Students' success shows reforms are on course
By MICHAEL N. CASTLE and THOMAS R. CARPER
Reforming Delaware's schools and raising student achievement have been compared to turning an aircraft carrier. Both take patience and persistence.
With the release of federal education reports recently, it's clear that Delaware public schools are moving in the right direction. According to the 2002 National Assessment of Education Progress, which monitors how well students are performing, Delaware fourth- and eighth-graders have reading and writing scores higher than the national average and their counterparts in Maryland and Pennsylvania.
In a remarkable turnaround, Delaware's fourth- and eighth- graders achieved the most substantial gains in average reading test scores of any state's students since the test was last administered in 1998.
This comes on the heels of other good news earlier this year, when the Delaware Department of Education reported that 80 percent of sixth-graders and 90 percent of fourth-graders now meet or exceed the state's rigorous science standards, considered among the toughest in the country.
But while we celebrate, we shouldn't rest on our laurels. We must continue to renew our commitment and reaffirm our faith in the promise of every student in the state.
While we've reduced the achievement gap across racial and class lines, African-American and Hispanic students continue to lag behind their white counterparts. Moreover, even though our elementary and middle schools are getting better, high schools still have plenty of room for improvement. With nearly 1,300 Delaware ninth- graders currently enrolled in summer school because they fall well below Delaware standards in reading, math or both, there's more to be done.
Still, as we watch test scores rising each year, there is reason to hope that, before long, student achievement in our high schools may reflect what we've already witnessed in elementary and middle schools.
Who deserves the credit for the recent improvement in public schools? A lot of folks, starting with the students themselves who are meeting these academic challenges. Next, thousands of dedicated teachers, counselors and administrators should take a well-deserved bow. Finally, let's salute parents who take seriously their responsibility to be their children's first teachers and then partner with education professionals to get the job done.
Standards have been raised for Delaware students over the past decade, and just about everyone is working harder and smarter to meet new expectations. School boards at both the state and local district level, along with the Delaware Department of Education, deserve applause too.
The Delaware Legislature also provided new funds for a variety of programs, such as extra learning time for kids, smaller class sizes in the early grades, a four-year Head Start guarantee for low-income children and new technology for classrooms.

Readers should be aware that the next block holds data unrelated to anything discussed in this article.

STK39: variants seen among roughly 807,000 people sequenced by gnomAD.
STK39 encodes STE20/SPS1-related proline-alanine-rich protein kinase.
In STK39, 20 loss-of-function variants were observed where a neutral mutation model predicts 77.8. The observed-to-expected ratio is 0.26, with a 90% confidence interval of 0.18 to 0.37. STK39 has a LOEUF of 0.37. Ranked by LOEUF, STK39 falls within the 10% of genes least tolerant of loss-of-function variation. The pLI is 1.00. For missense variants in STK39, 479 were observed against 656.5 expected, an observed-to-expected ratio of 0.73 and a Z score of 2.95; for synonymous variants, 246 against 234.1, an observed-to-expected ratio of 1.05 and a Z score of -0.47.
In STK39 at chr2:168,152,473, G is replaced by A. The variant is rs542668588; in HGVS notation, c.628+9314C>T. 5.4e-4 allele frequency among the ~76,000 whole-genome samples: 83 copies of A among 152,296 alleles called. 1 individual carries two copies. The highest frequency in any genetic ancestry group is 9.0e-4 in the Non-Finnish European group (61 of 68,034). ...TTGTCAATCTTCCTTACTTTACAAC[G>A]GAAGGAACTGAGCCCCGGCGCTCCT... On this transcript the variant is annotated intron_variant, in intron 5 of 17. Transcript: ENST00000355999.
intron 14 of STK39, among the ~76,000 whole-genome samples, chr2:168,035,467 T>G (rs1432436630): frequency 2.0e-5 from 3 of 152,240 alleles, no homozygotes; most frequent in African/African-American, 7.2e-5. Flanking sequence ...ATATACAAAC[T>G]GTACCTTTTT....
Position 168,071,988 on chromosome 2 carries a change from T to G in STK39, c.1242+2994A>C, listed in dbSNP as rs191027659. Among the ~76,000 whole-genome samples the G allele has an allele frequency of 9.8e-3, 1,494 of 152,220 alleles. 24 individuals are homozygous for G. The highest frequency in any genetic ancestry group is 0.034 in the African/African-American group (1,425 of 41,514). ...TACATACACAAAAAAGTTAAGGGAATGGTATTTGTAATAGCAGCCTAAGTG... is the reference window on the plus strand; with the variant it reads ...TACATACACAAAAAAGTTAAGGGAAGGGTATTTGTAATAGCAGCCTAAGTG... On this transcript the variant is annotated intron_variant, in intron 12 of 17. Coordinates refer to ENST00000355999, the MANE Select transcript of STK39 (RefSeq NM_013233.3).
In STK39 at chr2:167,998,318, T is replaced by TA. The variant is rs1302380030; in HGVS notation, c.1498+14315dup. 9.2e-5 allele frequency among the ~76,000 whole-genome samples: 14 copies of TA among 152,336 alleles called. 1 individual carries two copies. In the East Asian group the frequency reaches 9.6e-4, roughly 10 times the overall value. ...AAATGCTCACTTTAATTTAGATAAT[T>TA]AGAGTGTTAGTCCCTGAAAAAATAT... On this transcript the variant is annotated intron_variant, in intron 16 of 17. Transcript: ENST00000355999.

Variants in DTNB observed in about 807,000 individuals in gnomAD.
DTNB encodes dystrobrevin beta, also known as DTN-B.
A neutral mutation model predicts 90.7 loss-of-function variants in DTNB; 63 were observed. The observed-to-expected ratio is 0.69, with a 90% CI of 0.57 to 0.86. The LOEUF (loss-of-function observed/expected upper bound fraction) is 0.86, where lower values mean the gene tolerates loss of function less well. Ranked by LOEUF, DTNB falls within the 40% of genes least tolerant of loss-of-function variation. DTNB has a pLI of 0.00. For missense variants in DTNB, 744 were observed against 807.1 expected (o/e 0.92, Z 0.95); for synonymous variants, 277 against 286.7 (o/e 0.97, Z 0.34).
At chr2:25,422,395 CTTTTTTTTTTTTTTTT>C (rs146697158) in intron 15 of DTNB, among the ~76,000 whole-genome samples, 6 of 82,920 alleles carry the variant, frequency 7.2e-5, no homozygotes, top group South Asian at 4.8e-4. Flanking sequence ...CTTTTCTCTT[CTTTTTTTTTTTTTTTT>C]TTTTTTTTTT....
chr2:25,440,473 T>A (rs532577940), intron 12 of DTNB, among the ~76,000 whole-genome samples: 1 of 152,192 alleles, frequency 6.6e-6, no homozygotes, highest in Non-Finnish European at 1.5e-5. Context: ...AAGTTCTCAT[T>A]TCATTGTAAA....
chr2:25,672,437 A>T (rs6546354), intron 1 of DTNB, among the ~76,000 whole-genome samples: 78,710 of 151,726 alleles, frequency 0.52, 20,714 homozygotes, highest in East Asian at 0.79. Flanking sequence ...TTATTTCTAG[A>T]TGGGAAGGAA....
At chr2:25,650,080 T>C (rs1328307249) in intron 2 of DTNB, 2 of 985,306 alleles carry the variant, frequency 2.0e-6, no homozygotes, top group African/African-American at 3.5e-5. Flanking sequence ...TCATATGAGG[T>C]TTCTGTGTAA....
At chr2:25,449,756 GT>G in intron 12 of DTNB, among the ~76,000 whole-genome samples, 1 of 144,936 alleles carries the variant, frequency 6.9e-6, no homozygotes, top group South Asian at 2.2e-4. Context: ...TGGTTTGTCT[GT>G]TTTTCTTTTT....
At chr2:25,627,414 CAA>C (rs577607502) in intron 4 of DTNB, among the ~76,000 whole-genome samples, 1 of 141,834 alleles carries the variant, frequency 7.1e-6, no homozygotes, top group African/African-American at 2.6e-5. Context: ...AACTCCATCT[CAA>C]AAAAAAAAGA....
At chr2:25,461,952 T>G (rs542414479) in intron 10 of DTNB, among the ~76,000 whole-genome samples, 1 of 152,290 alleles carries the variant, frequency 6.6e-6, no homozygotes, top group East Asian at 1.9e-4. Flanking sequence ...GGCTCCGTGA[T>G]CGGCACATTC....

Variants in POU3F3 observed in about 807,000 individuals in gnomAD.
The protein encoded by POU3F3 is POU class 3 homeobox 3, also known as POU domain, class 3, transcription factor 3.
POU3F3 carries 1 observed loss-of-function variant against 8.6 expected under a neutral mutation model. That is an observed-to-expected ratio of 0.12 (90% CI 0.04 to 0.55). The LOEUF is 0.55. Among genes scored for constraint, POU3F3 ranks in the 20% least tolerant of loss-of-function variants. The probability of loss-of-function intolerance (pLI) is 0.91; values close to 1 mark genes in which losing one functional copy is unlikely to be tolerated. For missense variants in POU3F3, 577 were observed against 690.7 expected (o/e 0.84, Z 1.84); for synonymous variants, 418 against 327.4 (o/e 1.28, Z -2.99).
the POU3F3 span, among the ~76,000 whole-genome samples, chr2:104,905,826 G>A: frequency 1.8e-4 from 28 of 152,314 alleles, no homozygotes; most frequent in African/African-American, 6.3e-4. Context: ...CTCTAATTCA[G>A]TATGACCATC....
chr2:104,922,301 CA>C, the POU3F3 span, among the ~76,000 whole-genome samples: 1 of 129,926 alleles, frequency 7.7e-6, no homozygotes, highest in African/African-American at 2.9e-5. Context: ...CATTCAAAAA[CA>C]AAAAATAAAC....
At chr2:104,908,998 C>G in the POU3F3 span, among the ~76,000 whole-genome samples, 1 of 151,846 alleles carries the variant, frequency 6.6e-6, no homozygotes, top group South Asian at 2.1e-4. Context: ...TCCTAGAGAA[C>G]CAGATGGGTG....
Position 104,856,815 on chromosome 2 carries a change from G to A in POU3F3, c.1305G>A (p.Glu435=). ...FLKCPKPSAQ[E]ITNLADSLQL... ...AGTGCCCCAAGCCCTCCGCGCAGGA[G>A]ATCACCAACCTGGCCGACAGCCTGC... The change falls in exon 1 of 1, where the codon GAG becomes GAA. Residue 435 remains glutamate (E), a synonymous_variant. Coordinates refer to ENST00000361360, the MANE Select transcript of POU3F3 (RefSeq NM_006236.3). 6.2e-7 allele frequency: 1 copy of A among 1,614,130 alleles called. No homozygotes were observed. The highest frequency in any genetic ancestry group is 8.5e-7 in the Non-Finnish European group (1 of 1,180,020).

Meanwhile, the introduction of competition and market forces through public school choice and charter schools has helped school districts focus on what works. Thousands of Delawareans have taken up the cause of mentoring in public schools each year, while companies, service organizations and faith-based institutions have adopted schools and provides help in extraordinary ways.
At the federal level, Delaware's congressional delegation has supported significant increases in funding over the past two years for programs that have a proven track record in raising student achievement. The federal government is now spending far more money for elementary and secondary education than at any other time in American history.
In 2001 Congress passed President Bush's No Child Left Behind Act, an ambitious and bipartisan initiative to close the achievement gap. As a primary component of that legislation, states are required to develop effective accountability systems that include high standards of achievement. Delaware was the 10th state to receive federal approval for its accountability plan, which should keep our schools moving forward.
As encouraging as the results of the past year have been, the worst mistake we could make now would be to let up. The 49 other states will not be slowing down. They realize that the states whose quality of life and standard of living will improve are those where students learn to read and write well, do math, understand science, think creatively, and use technology effectively.
Delaware public schools and students are on the move. Let's not celebrate our good fortune by taking the rest of the summer off.
Sure, parents should take their kids to the beach and the pool, on vacation and to the movies. But we should also encourage children to read some good books this summer, write about what they've read, and find time to keep their math skills from getting rusty.
They may complain a bit about it now, but they might thank you after Labor Day when it's time to hit the books again in earnest. After all, it's our duty to keep this aircraft carrier on the right course.
Democrat Thomas R. Carper is Delaware's junior U.S. Senator. Republican Michael N. Castle represents Delaware in the U.S. House of Representatives.